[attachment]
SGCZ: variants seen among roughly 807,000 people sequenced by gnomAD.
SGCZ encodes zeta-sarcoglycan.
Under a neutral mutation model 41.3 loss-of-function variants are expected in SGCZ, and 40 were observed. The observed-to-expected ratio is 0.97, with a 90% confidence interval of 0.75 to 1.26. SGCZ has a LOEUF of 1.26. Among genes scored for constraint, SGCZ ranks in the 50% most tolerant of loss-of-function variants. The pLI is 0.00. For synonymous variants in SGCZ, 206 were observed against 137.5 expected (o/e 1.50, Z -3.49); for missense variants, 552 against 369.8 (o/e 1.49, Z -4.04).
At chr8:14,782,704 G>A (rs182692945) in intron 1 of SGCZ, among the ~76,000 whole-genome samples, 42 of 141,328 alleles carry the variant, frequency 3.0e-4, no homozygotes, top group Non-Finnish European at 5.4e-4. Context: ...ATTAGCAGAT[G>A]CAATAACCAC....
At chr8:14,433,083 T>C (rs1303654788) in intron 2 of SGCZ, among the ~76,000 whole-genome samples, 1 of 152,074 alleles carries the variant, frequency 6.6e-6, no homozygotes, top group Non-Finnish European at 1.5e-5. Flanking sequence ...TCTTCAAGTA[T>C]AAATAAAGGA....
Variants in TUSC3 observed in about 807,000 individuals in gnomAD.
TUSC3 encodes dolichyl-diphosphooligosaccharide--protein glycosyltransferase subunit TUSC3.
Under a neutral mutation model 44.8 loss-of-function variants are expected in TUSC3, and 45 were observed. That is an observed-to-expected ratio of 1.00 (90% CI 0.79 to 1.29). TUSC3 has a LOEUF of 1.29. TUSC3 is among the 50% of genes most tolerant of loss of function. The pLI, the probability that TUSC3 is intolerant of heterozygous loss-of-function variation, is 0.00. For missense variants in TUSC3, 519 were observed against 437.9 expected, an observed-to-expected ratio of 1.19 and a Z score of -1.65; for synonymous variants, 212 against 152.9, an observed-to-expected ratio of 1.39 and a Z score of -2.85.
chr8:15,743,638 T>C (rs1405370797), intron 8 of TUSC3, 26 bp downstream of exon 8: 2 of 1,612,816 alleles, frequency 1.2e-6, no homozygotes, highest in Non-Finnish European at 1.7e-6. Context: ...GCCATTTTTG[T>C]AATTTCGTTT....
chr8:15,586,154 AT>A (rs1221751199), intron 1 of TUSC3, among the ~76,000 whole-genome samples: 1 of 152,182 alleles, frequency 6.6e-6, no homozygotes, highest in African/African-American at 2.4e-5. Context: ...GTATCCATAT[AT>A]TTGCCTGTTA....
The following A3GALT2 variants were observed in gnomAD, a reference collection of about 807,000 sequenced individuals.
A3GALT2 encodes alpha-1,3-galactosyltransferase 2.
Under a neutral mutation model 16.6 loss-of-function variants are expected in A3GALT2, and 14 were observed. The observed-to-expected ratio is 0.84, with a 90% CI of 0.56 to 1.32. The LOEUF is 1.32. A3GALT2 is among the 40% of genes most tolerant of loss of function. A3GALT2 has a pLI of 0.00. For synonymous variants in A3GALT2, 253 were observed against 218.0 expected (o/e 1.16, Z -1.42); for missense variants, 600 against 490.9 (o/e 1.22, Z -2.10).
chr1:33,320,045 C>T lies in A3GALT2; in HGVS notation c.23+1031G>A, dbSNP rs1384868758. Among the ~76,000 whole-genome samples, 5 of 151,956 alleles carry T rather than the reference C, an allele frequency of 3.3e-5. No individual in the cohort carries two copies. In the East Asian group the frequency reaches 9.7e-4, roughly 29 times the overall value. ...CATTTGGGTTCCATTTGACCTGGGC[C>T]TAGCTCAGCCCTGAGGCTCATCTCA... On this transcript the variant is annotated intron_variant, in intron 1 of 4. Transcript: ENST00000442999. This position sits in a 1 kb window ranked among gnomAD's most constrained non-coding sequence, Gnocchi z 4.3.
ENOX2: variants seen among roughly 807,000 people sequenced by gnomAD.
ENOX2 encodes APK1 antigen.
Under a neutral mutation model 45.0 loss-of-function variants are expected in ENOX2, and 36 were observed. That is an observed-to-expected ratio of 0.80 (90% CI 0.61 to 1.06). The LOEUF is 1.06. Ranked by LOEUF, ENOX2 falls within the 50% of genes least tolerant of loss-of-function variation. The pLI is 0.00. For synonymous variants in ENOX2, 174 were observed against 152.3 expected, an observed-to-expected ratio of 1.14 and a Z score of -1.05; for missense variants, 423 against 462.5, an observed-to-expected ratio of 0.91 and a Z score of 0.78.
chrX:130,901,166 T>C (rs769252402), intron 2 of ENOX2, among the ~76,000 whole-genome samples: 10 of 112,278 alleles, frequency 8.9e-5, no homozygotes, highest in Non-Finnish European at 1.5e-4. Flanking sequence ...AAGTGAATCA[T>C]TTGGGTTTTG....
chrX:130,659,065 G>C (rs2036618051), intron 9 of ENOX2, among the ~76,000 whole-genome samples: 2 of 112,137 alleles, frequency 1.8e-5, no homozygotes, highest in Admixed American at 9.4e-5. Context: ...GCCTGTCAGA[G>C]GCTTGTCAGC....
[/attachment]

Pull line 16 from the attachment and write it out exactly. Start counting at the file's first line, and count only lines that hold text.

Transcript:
ENOX2 encodes APK1 antigen.